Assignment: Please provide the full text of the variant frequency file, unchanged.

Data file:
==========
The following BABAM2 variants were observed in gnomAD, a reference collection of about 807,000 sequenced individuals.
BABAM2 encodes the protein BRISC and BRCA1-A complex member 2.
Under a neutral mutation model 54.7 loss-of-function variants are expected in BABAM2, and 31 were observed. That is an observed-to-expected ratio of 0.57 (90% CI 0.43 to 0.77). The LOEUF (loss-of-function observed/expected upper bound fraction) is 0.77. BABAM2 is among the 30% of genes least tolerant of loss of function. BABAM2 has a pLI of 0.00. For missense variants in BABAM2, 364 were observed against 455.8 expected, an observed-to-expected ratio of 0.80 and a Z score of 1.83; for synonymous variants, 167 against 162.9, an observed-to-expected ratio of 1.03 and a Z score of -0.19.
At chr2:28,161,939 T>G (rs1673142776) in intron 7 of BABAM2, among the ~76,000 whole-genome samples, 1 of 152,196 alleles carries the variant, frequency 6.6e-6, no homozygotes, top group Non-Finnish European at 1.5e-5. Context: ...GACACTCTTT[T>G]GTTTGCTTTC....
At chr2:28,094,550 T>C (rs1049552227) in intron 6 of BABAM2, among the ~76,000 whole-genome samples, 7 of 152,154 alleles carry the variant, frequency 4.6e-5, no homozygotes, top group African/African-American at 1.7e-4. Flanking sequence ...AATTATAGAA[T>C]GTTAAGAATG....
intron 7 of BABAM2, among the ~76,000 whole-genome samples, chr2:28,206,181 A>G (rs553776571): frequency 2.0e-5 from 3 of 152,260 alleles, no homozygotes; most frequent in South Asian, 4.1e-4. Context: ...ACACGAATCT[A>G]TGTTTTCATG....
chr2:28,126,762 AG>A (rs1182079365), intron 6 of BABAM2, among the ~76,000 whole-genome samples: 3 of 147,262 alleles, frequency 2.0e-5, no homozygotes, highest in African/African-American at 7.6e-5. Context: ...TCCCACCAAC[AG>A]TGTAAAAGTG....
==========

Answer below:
The following BABAM2 variants were observed in gnomAD, a reference collection of about 807,000 sequenced individuals.
BABAM2 encodes the protein BRISC and BRCA1-A complex member 2.
Under a neutral mutation model 54.7 loss-of-function variants are expected in BABAM2, and 31 were observed. That is an observed-to-expected ratio of 0.57 (90% CI 0.43 to 0.77). The LOEUF (loss-of-function observed/expected upper bound fraction) is 0.77. BABAM2 is among the 30% of genes least tolerant of loss of function. BABAM2 has a pLI of 0.00. For missense variants in BABAM2, 364 were observed against 455.8 expected, an observed-to-expected ratio of 0.80 and a Z score of 1.83; for synonymous variants, 167 against 162.9, an observed-to-expected ratio of 1.03 and a Z score of -0.19.
At chr2:28,161,939 T>G (rs1673142776) in intron 7 of BABAM2, among the ~76,000 whole-genome samples, 1 of 152,196 alleles carries the variant, frequency 6.6e-6, no homozygotes, top group Non-Finnish European at 1.5e-5. Context: ...GACACTCTTT[T>G]GTTTGCTTTC....
At chr2:28,094,550 T>C (rs1049552227) in intron 6 of BABAM2, among the ~76,000 whole-genome samples, 7 of 152,154 alleles carry the variant, frequency 4.6e-5, no homozygotes, top group African/African-American at 1.7e-4. Flanking sequence ...AATTATAGAA[T>C]GTTAAGAATG....
intron 7 of BABAM2, among the ~76,000 whole-genome samples, chr2:28,206,181 A>G (rs553776571): frequency 2.0e-5 from 3 of 152,260 alleles, no homozygotes; most frequent in South Asian, 4.1e-4. Context: ...ACACGAATCT[A>G]TGTTTTCATG....
chr2:28,126,762 AG>A (rs1182079365), intron 6 of BABAM2, among the ~76,000 whole-genome samples: 3 of 147,262 alleles, frequency 2.0e-5, no homozygotes, highest in African/African-American at 7.6e-5. Context: ...TCCCACCAAC[AG>A]TGTAAAAGTG....